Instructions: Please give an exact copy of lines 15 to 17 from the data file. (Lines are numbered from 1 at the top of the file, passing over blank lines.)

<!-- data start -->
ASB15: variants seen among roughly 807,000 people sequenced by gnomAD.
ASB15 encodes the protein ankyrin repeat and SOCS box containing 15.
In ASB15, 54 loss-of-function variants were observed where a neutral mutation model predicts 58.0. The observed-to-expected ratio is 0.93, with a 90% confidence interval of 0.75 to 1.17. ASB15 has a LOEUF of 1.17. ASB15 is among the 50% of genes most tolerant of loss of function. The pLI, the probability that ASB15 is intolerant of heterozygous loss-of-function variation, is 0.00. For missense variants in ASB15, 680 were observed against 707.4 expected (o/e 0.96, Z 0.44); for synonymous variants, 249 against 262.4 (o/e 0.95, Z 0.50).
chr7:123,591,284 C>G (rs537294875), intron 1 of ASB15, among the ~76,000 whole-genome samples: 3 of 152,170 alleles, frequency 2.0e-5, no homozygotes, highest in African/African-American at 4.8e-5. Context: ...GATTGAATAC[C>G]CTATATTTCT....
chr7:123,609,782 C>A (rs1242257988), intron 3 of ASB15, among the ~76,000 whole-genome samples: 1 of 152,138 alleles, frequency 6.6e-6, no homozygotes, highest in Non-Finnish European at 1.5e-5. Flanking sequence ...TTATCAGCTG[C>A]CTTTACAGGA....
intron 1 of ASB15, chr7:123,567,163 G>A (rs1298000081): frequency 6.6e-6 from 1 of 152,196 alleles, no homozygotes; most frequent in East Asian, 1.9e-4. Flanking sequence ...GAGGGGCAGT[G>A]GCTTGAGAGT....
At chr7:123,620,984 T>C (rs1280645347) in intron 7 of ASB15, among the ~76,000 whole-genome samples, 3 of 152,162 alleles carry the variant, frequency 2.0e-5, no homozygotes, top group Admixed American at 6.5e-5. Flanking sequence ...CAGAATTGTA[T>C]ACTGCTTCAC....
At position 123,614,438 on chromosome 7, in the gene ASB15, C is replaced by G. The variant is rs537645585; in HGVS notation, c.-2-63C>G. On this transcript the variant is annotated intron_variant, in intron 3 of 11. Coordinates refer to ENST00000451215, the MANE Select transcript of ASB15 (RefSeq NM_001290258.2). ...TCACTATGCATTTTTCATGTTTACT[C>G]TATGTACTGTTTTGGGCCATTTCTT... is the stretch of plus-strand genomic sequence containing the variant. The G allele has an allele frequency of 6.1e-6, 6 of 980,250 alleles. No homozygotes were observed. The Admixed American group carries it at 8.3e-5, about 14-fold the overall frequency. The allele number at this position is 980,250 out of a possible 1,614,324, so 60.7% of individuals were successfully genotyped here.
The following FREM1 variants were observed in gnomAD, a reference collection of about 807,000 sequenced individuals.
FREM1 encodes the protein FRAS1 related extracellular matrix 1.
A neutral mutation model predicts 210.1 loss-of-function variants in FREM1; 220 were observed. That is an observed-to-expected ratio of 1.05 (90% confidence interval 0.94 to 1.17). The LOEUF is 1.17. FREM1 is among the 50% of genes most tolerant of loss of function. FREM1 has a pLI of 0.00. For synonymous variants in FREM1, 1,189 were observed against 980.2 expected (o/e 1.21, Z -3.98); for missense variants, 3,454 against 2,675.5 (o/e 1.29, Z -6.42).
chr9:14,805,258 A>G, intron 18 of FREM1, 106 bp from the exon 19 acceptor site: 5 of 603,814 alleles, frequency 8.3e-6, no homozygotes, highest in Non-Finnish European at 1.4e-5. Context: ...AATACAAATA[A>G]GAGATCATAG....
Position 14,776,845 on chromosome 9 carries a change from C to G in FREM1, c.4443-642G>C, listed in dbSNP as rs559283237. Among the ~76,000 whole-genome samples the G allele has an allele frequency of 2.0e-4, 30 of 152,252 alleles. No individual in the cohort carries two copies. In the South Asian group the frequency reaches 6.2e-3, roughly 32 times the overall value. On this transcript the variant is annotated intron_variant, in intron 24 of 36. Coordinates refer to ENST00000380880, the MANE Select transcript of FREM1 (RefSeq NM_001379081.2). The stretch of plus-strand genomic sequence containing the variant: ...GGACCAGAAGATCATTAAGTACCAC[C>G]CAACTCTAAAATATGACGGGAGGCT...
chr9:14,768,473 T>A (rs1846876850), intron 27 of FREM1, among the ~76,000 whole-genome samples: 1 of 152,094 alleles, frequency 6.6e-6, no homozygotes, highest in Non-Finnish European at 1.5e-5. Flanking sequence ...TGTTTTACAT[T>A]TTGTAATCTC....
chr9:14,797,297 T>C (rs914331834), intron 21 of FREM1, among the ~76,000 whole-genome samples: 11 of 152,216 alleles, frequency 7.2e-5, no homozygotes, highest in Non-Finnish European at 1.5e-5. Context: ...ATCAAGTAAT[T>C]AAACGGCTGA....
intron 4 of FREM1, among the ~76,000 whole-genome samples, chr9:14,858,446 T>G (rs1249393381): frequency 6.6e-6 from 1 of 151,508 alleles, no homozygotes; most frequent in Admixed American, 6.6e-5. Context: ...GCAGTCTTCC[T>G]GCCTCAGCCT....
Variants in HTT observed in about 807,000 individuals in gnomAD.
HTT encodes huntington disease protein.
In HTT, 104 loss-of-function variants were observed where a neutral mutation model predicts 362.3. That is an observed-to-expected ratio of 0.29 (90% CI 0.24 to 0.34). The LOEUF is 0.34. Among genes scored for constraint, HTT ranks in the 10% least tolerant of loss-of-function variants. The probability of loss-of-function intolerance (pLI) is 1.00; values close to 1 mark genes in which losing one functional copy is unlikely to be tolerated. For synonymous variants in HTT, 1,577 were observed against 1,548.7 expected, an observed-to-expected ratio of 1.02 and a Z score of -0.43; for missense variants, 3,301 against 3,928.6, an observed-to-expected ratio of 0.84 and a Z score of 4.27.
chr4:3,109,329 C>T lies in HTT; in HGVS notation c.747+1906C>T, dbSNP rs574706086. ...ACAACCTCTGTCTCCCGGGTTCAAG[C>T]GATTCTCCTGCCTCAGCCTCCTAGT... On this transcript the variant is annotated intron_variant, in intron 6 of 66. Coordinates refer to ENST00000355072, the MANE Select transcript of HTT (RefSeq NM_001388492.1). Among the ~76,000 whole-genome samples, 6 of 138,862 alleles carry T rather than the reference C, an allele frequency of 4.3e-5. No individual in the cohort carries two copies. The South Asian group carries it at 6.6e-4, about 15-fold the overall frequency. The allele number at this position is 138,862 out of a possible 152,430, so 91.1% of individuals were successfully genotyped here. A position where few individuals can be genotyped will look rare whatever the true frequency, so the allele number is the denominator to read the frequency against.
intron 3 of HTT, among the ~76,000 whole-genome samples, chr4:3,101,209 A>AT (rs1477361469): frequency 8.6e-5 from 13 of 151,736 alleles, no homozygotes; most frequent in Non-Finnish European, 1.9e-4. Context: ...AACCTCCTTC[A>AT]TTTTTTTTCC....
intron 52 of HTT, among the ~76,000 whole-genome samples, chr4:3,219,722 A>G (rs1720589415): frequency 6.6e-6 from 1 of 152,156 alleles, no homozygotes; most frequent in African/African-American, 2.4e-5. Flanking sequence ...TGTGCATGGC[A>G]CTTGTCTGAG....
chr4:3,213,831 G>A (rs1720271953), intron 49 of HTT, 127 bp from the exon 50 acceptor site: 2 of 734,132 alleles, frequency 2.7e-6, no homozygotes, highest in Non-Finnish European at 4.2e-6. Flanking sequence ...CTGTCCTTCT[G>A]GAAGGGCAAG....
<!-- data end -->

chr9:14,797,297 T>C (rs914331834), intron 21 of FREM1, among the ~76,000 whole-genome samples: 11 of 152,216 alleles, frequency 7.2e-5, no homozygotes, highest in Non-Finnish European at 1.5e-5. Context: ...ATCAAGTAAT[T>C]AAACGGCTGA....
intron 4 of FREM1, among the ~76,000 whole-genome samples, chr9:14,858,446 T>G (rs1249393381): frequency 6.6e-6 from 1 of 151,508 alleles, no homozygotes; most frequent in Admixed American, 6.6e-5. Context: ...GCAGTCTTCC[T>G]GCCTCAGCCT....
Variants in HTT observed in about 807,000 individuals in gnomAD.